(WHTM) — Eggs were $1.70 and a gallon of gasoline was $1.36 the last time retired public school teachers and state employees got a pension bump in 2002.

Now, there are rumblings at the state Capitol about giving retirees a bump.

“Twenty years ago Donovan McNabb was the Eagles quarterback, and I had a whole lot more hair. But all jokes aside, we’re all here today to see real change for our retirees,” said Senator John Kane (D-Chester/Delaware Counties).

Pension checks for retired teachers and state employees have not increased, but the price of everything else has.

“I believe we are failing for hard-working teachers and so many more dedicated their lives to noble professions,” Kane added.

Tom Curry, a retired art teacher, says income stagnation coupled with dramatic inflation paints an ugly picture.

“Retirees who dedicate most of their lives to public service, realizing it wasn’t a high paying professional salary, deserve to live a dignified retirement,” Curry said.

The problem is especially acute for those who retired before 2001 when the pension formulas were tweaked.

“In fact, their average pension benefit is less than $20,000 a year and their average age is 84,” said Aaron Chapin, vice president of the Public School Employees Retirement System.

The ask is for lawmakers to hike pensions and perhaps build automatic increases into the formula, but not everyone is saying yes.

“I have parents who retired from the private sector. They can’t go back and get a cost of living adjustment. They can’t,” said Rep. Dawn Keefer (R-York County).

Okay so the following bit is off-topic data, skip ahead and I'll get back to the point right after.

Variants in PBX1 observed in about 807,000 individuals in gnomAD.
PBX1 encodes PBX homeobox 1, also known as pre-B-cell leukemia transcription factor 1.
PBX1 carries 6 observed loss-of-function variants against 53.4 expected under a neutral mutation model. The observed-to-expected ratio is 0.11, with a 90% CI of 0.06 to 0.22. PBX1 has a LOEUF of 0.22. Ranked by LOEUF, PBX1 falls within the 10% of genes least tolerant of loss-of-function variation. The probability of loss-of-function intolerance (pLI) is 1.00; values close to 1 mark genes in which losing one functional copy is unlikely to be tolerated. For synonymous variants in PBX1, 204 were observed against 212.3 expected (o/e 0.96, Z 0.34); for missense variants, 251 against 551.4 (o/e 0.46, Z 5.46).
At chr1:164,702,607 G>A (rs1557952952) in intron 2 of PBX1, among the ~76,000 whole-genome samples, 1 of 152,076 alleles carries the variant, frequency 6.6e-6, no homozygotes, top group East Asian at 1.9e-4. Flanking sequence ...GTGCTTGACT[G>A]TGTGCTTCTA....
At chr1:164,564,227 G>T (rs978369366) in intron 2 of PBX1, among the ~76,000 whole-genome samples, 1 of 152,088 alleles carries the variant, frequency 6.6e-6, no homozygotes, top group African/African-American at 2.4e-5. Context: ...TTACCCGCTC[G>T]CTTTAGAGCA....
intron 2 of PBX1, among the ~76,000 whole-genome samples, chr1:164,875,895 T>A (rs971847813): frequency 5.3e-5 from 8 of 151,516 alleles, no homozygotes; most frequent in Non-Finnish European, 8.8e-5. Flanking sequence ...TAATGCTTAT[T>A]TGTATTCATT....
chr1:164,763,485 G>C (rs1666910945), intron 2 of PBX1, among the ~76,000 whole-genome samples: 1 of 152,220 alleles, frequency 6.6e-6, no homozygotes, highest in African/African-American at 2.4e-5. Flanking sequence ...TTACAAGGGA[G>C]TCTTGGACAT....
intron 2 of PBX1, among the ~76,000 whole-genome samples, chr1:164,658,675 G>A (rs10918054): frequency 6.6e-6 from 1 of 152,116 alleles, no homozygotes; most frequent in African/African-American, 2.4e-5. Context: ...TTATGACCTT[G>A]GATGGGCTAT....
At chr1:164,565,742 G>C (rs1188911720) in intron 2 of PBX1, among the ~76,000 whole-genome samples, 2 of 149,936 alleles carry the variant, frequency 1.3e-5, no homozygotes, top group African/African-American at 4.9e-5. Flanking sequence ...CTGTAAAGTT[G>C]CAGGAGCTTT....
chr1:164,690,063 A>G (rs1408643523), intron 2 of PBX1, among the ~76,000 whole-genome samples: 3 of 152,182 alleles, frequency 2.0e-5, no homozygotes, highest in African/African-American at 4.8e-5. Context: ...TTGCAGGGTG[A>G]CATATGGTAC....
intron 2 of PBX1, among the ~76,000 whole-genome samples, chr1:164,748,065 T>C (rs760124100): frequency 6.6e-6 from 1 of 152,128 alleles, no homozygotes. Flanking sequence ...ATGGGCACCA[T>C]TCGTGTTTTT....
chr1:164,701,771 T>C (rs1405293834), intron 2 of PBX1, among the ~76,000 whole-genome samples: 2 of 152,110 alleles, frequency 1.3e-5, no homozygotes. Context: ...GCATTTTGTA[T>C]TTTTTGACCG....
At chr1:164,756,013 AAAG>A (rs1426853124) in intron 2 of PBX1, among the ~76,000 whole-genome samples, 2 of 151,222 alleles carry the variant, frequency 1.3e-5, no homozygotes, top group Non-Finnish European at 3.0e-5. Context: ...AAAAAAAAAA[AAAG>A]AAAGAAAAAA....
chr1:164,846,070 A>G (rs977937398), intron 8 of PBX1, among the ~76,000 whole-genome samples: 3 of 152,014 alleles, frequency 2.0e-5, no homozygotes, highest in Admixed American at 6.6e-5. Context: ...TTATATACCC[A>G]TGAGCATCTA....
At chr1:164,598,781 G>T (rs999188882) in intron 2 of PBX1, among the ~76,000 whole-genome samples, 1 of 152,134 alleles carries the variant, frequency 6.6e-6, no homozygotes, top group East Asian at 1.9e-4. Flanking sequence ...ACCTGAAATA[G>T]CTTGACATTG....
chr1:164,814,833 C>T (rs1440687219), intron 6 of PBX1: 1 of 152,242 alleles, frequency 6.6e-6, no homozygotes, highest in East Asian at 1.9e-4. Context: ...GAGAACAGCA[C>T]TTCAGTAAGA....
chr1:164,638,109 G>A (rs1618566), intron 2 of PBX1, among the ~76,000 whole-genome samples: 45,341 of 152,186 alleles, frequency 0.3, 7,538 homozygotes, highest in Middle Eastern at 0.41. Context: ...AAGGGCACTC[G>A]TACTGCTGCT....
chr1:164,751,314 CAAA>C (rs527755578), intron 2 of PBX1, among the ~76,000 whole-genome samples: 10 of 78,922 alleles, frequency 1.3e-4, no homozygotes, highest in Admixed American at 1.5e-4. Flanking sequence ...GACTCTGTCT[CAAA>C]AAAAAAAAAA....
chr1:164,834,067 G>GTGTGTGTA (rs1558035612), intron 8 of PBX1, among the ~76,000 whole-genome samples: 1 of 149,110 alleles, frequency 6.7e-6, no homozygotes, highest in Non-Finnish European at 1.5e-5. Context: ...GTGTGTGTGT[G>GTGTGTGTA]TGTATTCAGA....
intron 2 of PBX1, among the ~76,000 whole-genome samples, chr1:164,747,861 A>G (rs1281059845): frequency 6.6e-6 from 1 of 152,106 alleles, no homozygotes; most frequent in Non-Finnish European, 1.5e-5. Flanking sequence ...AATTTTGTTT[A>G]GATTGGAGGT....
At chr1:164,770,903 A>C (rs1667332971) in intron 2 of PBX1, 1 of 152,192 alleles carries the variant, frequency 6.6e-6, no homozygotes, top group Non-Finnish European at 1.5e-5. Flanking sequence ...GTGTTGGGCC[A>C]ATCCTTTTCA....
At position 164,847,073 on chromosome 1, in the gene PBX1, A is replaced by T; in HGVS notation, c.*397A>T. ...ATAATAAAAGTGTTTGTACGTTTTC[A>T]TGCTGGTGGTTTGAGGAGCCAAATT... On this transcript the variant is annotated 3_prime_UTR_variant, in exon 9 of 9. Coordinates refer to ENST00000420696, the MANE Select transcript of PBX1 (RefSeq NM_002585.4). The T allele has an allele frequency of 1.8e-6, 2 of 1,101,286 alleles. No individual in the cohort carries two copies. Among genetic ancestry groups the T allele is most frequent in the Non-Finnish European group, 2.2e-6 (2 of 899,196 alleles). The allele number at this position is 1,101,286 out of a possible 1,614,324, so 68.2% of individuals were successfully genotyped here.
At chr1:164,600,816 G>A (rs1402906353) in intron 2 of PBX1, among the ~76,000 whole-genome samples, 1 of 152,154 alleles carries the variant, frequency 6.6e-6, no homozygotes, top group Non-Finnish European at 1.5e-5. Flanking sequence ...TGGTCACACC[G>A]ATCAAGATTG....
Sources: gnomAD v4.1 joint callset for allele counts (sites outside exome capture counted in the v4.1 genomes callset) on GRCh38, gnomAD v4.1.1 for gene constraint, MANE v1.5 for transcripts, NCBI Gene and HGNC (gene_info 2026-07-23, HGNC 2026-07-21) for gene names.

Keefer calls it a sensitive issue for her because her dad’s pension was embezzled by a private employer, forcing him to start over in his 30s.

“Taxpayers are not on the hook for that. It’s unfortunate, it’s terrible, but taxpayers aren’t on the hook for it,” Keefer said.

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But supporters of the adjustment point fingers back at the legislature, which they argue, has helped create the problem.

“Constant underfunding of our pension systems over many years. And investment returns coming in lower than projected, could be lower than projected due to using high price investment management, risky private equity investments have all contributed into this,” said Arthur Steinberg, president of the PA American Federation of the Teachers.

The legislative committee was sympathetic towards retirees, but the committee was full of House and Senate Democrats. It’s unclear if Republicans are as supportive.